Reprinted from Magnificat (www.magnificat.com)
Great Conversion Stories: Monsignor Ronald Knox
By John Janaro
Monsignor Ronald Knox was a pillar of the 20th-century English Catholic revival. The path that led him to enter into full communion with the Church at the age of twenty-nine prepared him for his special ministry of preaching and his prolific writings that remain a treasury of wisdom to this day.
Born in 1888 into an Evangelical Anglican family, Ronald learned Scripture and hymns as a child, but his personal conversion to Christ was bound up with his concrete discovery of the Church during his student days. At Eton, he first discovered the Oxford Movement and the Catholic imagination of Robert Hugh Benson. There too, and later at Balliol College (Oxford), he made strong friendships with others who desired a more ritualistic and sacramental form of Anglicanism.
From the start, however, Ronald was drawn toward something more than just a “party” within the Anglican system. He sought a deeper faith rooted in Christ’s universal Church, and he became convinced that the English Church needed to be freed from its post-Reformation constraints so that it could reaffirm fully its ancient, inherently Catholic identity in communion with the Bishop of Rome. He came to accept virtually all Catholic doctrines and practices, but pursued Anglican ordination, hoping to work for the collective submission to Rome of his own national church.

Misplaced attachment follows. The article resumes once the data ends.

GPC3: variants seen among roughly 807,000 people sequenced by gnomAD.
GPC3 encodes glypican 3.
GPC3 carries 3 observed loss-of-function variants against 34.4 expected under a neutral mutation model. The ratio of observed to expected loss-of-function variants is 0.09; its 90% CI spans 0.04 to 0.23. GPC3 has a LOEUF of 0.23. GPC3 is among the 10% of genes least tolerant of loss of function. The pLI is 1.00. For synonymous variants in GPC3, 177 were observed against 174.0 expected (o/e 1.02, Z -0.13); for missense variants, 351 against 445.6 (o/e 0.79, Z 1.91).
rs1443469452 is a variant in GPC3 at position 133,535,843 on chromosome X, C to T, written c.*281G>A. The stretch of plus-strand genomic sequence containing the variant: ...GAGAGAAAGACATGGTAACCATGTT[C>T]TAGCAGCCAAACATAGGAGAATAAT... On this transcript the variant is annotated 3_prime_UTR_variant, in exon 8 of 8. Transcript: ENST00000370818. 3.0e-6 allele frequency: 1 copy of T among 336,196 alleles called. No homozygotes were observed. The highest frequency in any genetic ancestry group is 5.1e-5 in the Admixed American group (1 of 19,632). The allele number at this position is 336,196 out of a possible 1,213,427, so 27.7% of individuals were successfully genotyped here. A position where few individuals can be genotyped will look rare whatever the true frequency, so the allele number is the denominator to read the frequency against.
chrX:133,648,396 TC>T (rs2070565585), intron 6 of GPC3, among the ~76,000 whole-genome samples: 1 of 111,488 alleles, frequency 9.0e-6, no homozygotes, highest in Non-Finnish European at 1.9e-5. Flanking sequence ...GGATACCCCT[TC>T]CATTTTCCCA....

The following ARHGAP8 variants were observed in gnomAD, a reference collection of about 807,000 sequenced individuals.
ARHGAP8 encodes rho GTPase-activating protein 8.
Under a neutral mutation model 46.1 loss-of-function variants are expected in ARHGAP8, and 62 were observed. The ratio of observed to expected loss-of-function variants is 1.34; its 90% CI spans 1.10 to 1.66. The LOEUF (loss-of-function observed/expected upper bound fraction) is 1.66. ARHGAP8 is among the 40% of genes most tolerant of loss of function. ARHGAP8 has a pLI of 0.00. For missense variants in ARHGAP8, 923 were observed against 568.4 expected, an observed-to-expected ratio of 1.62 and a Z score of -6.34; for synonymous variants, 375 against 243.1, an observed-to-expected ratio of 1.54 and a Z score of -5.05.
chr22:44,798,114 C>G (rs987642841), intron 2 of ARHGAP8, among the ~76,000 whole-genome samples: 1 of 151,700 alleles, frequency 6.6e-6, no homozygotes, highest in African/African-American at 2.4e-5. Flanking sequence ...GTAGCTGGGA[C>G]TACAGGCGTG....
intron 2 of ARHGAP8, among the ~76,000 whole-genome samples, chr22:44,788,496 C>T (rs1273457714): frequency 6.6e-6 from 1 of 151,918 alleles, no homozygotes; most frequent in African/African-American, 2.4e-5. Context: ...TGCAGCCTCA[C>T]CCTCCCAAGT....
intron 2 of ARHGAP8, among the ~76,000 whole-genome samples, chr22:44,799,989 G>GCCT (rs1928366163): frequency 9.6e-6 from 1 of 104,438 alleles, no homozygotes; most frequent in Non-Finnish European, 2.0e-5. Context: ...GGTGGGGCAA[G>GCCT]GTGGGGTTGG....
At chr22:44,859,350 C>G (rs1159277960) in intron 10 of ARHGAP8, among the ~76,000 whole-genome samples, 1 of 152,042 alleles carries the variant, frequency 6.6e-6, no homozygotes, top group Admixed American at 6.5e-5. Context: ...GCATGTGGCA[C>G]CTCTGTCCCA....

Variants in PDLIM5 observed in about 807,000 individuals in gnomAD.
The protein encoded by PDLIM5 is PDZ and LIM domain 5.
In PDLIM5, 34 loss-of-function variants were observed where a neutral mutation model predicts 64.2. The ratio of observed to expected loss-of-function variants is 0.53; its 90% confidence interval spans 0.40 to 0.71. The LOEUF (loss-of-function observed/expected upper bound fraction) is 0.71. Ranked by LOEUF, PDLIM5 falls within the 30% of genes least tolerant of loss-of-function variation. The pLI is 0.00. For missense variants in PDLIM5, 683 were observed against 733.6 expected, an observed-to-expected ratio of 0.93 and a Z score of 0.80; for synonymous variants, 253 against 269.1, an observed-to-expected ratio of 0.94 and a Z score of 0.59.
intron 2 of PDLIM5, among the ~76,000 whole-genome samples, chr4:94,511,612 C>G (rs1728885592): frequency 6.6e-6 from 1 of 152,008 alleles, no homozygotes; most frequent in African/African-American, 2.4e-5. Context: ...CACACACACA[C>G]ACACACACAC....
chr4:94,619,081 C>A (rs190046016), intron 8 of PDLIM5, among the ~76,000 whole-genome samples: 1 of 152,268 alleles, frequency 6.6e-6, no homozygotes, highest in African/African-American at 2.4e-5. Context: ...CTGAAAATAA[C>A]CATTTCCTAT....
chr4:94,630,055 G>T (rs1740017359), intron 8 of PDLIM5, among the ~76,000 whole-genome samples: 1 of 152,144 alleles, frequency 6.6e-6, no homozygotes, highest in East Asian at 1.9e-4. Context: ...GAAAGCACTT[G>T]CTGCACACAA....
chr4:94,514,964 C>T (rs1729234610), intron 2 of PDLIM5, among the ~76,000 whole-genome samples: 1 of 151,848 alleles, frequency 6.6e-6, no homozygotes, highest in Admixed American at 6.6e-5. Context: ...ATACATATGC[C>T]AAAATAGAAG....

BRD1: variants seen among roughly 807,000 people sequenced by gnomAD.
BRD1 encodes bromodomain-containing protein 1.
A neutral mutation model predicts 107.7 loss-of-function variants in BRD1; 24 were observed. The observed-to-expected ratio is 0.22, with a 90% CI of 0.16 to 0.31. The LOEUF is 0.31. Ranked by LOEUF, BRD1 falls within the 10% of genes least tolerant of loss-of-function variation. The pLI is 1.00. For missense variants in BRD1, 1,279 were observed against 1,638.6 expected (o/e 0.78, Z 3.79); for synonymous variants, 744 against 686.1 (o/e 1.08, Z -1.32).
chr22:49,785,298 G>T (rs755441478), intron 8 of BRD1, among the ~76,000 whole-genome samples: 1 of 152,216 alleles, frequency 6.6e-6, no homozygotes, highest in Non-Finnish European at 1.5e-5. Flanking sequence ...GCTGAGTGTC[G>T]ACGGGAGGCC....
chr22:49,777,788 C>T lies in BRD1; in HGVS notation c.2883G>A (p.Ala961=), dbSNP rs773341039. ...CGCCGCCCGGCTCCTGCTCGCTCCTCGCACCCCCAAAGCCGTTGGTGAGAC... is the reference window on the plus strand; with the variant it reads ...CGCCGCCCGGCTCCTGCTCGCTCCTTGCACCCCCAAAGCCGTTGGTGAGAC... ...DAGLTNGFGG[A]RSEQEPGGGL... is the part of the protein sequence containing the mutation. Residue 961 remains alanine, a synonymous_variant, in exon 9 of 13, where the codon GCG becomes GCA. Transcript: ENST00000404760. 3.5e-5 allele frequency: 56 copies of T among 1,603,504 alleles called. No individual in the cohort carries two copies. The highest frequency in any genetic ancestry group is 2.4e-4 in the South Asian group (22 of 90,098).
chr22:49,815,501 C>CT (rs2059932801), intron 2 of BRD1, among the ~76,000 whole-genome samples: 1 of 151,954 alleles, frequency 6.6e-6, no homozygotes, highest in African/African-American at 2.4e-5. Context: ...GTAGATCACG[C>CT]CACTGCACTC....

By 1912, Ronald was a devout Anglican priest and a professor at Trinity College (Oxford) who was also witty, openhearted, deeply human, and passionately committed to his mission. Numerous undergraduates became attached to him, following what Evelyn Waugh called his “apostolate of laughter and the love of friends.” For those few years at Oxford, these young men didn’t simply promote a cause; they experienced profound Christian friendship with one another and with their teacher. This small but vital “Catholic movement” gave Ronald hope even as Anglicanism’s overall Christian identity grew increasingly obscure.
Then, suddenly, it was August 1914, and England went to war.
Ronald’s students and other friends rushed to enlist. But as the unprecedented deadly horror of the conflict became apparent, some of them asked their mentor whether they should individuallymake their full submission to Rome before going into battle. Their friendship was suddenly confronted with its most radical test. And Ronald found that he was not so certain after all of his own conception of renewing the Church of England. In advising them to follow their consciences, Ronald was challenged to scrutinize more deeply his own. Soon his best friend, Guy Lawrence, wrote to him from France that he had become Roman Catholic.
From 1915 to 1917, Ronald confronted his doubts about the basic foundations of his Anglo-Catholic project. Meanwhile, the Great War’s gruesome casualty lists reported one friend’s death after another. He prayed, sought advice from Roman Catholic priests, revisited Church history, and suffered from the realization that as an Anglican he had been “trying to force God’s hand.” He corresponded with Guy Lawrence, who encouraged him to join Rome. Finally, during a retreat at Farnborough Abbey—praying through his interior darkness to do God’s will—Ronald was received into the Roman Catholic Church. Guy Lawrence lived long enough to learn this joyful news before he was killed in 1918. Thus Ronald Knox’s old life and all his old ambitions came to an end, but he found peace in the heart of Christ. He had surrendered to God’s will, and his greatest work was just beginning.